1. Questions (5 pts)

2. Clone the Author (5 pts)



  • You must formulate and answer an essential question

  • You must copy 15 key quotes from the text

  • You must explain what each quote means in your own words

  • You must explain the significance of each quote to the essential question

3. Bullet points (5 pts)



  • You must formulate and answer an essential question

  • You must provide two bullet points of information from each red heading in the chapter

4. Synopsis (5 pts)



  • You must formulate and answer an essential question

  • You must provide a 2-3 sentence synopsis of each red heading in the chapter




  • Chapter Notes - 5 pts (due each week/chapter)

In addition to completing the Chapter Study Guides, you will need to complete, in your notes, a synopsis of the five key points from your readings. I will be checking your notes and stamping them – only completed assignments will receive credit. Scores will be part of your overall notes grade. The format you should use is below:


KEY POINT #1: The defeat of the Spanish Armada in 1588 united the English and also allowed the English to dominate the Atlantic Ocean. (p.26)
MY THOUGHTS/QUESTIONS: Why were England and Spain battling against each other? Why was it important that England came to dominate the Atlantic Ocean?
SIGNIFICANCE: After the Protestant Reformation, Protestantism became the main religion in England and England’s rivalry with Catholic Spain intensified. Philip II of Spain sent his “Invincible Armada” to invade England in 1588. After the Spanish Armada was crushingly defeated by the English sea dogs, England now dominated the Atlantic Ocean, leading the English to take control of colonizing the new world.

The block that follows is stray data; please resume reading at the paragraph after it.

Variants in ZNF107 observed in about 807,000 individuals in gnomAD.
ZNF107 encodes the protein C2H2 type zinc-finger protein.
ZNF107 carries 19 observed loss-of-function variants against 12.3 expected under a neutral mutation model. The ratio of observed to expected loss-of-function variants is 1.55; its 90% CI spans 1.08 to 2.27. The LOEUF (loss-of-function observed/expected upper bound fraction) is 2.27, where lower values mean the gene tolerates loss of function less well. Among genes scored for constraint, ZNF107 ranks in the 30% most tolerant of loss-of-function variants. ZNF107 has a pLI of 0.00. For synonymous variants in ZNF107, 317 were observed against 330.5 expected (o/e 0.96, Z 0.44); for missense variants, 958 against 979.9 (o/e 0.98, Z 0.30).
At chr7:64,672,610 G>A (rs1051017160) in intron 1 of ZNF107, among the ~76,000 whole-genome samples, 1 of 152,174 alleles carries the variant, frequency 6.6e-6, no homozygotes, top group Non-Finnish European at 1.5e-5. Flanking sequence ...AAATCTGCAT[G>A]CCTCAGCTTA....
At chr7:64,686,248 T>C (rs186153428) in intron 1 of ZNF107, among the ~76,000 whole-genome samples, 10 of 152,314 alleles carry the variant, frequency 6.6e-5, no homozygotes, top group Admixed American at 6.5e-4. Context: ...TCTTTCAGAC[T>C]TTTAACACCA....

• Hofstadter Questions (20 pts each)

You will be given questions for each of the assigned chapters in The American Political Tradition. These questions are to be answered in 1-2 paragraphs each. They will be due at the end of each unit. Each Hofstadter assignment is worth 20 pts maximum of extra credit.





  • Essays (50 pts each)

You will write three essays during the fall semester. Each essay should be 3-5 pages in length, typed, and double-spaced. Your essays should reflect your thoughts and analysis of the material we’ve been studying. Plagiarized essays will be returned for no credit. Please be sure to cite from your textbook/other sources to support your conclusions.


Essay #1: To Ratify or Not to Ratify… Due 10/13/09
Write an editorial in support of or against the ratification of the Constitution. You should formulate your arguments based on your understanding of the position of the Federalists (Alexander Hamilton) and the Antifederalists (Thomas Jefferson). Be sure to address issues of states rights, a strong, central government, rural vs. urban economies, and the importance of a Bill of Rights. Your editorial should both outline your position and demonstrate the weaknesses of the opposite point of view. Use evidence from you textbook/other sources to support your claims.

Essay #2: Andrew Jackson: Champion of the Common Man or Democratic Tyrant? Due 11/17/09
Write an essay evaluating 3-4 of Jackson’s critical decisions as president (national bank, Indian Removal Act, increased suffrage, nullification, etc.) Were these decisions made in justifiable defense of the common man and his rights, or were they naked power grabs by a president who wielded too much power. Use evidence and citations from your text/other sources to support your claims.

Essay #3: Failed Compromises Due 12/16/09
Choose one of the compromises over slavery enacted prior to the Civil War (Missouri Compromise, Compromise of 1850, Kansas-Nebraska Act). Assess why the compromise failed to resolve the issue of slavery, then discuss whether any compromise could have been reached that would have avoided Civil War between the North and the South. Use evidence from your textbook/other sources to support your claims.

Student Contract

I have read the above standards and expectations and accept the responsibility for meeting them.

Student name (print): Date:

Student signature:


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Parents: What is your preferred method of contact to discuss your student’s progress or areas of concern? Please check one and provide the additional requested information.
Phone (Phone number: )
Email (Email address: )
Gertz-Ressler –AP U.S. History – Contact Information for Parents:

Teacher’s name: Ms. Stephanie McIlroy

Room: 201

Email: ms.mcilroy@gmail.com



School Telephone: (213) 745-8141
Please feel free to contact me regarding your student’s assignments, progress, or behavior in AP U.S. History. I look forwarded to working with you and your student this year!